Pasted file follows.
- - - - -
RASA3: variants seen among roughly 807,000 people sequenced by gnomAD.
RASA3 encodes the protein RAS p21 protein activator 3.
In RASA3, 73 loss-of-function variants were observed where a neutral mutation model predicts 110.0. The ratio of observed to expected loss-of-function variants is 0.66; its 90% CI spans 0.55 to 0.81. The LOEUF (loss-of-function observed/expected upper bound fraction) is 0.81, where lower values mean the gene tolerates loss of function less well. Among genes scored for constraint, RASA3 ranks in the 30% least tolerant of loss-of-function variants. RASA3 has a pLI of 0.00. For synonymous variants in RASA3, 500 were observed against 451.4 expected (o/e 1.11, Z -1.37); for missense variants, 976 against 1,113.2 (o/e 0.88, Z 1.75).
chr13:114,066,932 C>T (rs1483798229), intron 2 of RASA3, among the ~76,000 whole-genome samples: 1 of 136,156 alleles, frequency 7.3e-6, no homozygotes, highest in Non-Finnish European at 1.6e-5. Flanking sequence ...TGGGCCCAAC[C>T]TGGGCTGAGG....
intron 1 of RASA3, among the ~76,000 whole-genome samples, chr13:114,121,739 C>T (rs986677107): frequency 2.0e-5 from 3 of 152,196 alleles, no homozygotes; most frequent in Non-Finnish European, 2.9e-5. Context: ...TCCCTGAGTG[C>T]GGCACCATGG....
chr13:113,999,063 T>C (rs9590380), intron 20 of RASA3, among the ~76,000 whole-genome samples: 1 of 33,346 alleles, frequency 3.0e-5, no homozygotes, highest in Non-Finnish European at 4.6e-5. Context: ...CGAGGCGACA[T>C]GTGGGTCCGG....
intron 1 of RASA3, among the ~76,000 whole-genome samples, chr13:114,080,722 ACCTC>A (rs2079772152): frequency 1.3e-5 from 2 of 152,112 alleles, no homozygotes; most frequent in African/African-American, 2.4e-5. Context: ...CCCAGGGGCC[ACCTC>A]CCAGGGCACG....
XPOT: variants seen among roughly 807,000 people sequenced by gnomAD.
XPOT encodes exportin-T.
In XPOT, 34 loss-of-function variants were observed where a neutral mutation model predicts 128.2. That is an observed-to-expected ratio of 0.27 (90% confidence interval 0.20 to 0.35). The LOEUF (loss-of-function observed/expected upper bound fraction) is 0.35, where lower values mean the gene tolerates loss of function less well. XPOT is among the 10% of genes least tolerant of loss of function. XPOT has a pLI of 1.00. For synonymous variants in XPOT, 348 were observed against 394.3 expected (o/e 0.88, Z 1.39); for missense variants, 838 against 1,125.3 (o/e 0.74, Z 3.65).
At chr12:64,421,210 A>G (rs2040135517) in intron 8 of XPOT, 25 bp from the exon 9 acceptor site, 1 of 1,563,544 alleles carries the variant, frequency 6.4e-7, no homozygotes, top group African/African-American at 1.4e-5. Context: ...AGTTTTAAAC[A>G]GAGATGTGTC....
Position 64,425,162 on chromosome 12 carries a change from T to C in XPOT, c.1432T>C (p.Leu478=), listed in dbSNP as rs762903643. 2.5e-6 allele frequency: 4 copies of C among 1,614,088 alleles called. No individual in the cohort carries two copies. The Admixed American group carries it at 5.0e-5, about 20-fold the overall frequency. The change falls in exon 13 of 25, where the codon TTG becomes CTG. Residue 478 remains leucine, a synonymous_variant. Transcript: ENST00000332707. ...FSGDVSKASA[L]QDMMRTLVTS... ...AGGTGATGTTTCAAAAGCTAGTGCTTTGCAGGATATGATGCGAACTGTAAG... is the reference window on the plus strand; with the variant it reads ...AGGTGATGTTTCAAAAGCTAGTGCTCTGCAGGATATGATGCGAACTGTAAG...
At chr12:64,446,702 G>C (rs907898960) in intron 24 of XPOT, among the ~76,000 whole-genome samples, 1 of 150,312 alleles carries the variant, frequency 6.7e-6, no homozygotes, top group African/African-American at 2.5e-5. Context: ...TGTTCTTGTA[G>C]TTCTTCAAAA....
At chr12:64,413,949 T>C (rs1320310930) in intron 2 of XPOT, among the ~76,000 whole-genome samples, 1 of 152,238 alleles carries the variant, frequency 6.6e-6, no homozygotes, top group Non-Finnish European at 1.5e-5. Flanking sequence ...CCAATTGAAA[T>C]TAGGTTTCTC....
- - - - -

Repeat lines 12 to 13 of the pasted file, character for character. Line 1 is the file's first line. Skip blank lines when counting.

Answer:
Position 64,425,162 on chromosome 12 carries a change from T to C in XPOT, c.1432T>C (p.Leu478=), listed in dbSNP as rs762903643. 2.5e-6 allele frequency: 4 copies of C among 1,614,088 alleles called. No individual in the cohort carries two copies. The Admixed American group carries it at 5.0e-5, about 20-fold the overall frequency. The change falls in exon 13 of 25, where the codon TTG becomes CTG. Residue 478 remains leucine, a synonymous_variant. Transcript: ENST00000332707. ...FSGDVSKASA[L]QDMMRTLVTS... ...AGGTGATGTTTCAAAAGCTAGTGCTTTGCAGGATATGATGCGAACTGTAAG... is the reference window on the plus strand; with the variant it reads ...AGGTGATGTTTCAAAAGCTAGTGCTCTGCAGGATATGATGCGAACTGTAAG...
At chr12:64,446,702 G>C (rs907898960) in intron 24 of XPOT, among the ~76,000 whole-genome samples, 1 of 150,312 alleles carries the variant, frequency 6.7e-6, no homozygotes, top group African/African-American at 2.5e-5. Context: ...TGTTCTTGTA[G>C]TTCTTCAAAA....